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In re Amber Hotel Corporation

United States District Court, C.D. California

October 27, 2014

Stephen K. Post & Amber Hotel Corporation, Appellees. James J. Little, Appellant,



Appellant James J. Little moved to disqualify Lewis Landau, Appellee Stephen Post's attorney in the underlying bankruptcy of Post's Amber Hotel Corporation ("Amber"). The bankruptcy court denied Little's motion, and Little appeals. The bankruptcy court's ruling is AFFIRMED.


It was a spring night in 2008. Frank Martini had his driver bring him to an office in Malibu. He went in. The office looked new; not yet lived-in. Stephen Post met Martini at the office. Post opened a litigation bag and removed one hundred thousand dollars in cash. He gave it to Martini. Martini did not consider the space consumed by that much money, and had no way to carry it home. Martini asked Post for his litigation bag. Post gave it to him. They parted. (ER 23-25.)

At least, that is what Martini testified. Previously, Little defended Martini's interests in litigation against Amber - and Little won a judgment in Martini's favor, including attorney's fees. But before he could collect, Post allegedly paid Martini to settle the case behind Little's back - the litigation bag full of money - and thereby deprived Little of his fee award. (See ER 13, 29-31.) Little sued Amber (and others) for this and won a judgment, but Post threatened to seek bankruptcy protection for Amber unless Little settled for less than the amount he was owed. (ER 13-14.)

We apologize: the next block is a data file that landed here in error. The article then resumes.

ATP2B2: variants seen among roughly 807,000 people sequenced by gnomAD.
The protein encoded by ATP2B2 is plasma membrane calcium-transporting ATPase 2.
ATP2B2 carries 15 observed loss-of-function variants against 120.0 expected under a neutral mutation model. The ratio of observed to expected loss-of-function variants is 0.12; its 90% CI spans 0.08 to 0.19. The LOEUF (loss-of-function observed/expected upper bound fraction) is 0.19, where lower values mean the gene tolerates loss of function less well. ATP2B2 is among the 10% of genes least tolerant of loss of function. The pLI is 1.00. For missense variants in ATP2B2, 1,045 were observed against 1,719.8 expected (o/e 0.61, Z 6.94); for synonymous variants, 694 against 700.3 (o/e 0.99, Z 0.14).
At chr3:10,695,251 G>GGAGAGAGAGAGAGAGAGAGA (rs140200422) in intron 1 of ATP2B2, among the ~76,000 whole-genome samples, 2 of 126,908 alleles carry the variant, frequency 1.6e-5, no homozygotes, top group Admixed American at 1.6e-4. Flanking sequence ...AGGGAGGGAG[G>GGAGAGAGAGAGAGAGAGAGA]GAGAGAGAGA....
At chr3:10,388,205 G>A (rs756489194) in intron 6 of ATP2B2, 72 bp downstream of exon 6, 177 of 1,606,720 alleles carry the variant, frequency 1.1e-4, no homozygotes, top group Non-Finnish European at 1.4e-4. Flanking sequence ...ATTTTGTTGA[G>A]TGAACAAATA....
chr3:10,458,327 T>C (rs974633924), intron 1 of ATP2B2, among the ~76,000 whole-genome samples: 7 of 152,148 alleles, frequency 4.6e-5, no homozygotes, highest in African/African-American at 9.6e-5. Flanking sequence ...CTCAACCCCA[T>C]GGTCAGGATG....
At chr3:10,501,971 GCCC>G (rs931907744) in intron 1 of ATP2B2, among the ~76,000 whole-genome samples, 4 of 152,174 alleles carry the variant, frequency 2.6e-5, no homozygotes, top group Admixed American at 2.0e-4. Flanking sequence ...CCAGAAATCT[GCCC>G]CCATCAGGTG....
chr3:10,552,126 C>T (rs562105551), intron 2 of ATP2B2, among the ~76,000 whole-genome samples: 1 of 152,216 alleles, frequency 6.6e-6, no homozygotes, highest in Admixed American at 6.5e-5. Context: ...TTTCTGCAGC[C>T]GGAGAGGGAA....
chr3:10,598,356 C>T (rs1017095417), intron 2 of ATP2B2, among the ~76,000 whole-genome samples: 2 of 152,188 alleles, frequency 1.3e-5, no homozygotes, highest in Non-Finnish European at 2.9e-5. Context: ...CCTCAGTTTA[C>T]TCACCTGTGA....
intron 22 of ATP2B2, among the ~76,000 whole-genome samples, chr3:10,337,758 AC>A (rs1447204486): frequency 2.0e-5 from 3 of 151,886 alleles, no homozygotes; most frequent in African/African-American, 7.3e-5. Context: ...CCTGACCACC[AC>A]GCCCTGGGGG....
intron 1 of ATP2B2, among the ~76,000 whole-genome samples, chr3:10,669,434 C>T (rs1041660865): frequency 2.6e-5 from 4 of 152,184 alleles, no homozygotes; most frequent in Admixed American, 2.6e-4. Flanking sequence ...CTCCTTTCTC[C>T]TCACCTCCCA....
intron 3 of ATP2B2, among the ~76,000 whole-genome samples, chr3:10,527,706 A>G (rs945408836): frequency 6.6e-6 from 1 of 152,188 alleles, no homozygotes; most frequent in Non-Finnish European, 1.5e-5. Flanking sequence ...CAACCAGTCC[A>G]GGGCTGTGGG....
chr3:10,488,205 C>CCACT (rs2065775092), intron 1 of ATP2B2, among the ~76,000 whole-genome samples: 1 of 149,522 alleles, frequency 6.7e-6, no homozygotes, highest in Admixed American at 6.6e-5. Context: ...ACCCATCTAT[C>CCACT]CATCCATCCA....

Little wanted to know what his options were. In the spring of 2011, working with Jeffrey Helfer, a financial advisor (and also a licensed attorney), Little got in touch with Lewis Landau, a bankruptcy lawyer. (See ER 14.) The depth of the discussions between Little, Helfer, and Landau is a subject of dispute between the parties. For now, it suffices to say that they consisted of an approximately half-hour long telephone call and the exchange of a few terse e-mail messages - attached to one of which was a draft bankruptcy filing given to Little by Amber's counsel, and to another, a copy of a state court judgment against Amber. (See ER 35-40, 94-98, 105-06.) The exchange contained a message from Landau reminding Little and Helfer that Landau had "not yet agreed to take on any responsibility for this matter and you should proceed in whatever manner you deem best unless and until we have entered into a written retention agreement." (ER 35.) Little and Landau never executed a retainer agreement, Amber filed for bankruptcy protection in March 2013, and Little went elsewhere to find representation for those proceedings.

That was not, however, the end of Landau's involvement with the Amber bankruptcy: Post retained Landau in May 2013, but Little said nothing of it until November 2013, when he filed a motion to disqualify Post's and Amber's attorneys. (See ER 15, 67.) (Little appeals only the denial of his motion as to Landau.)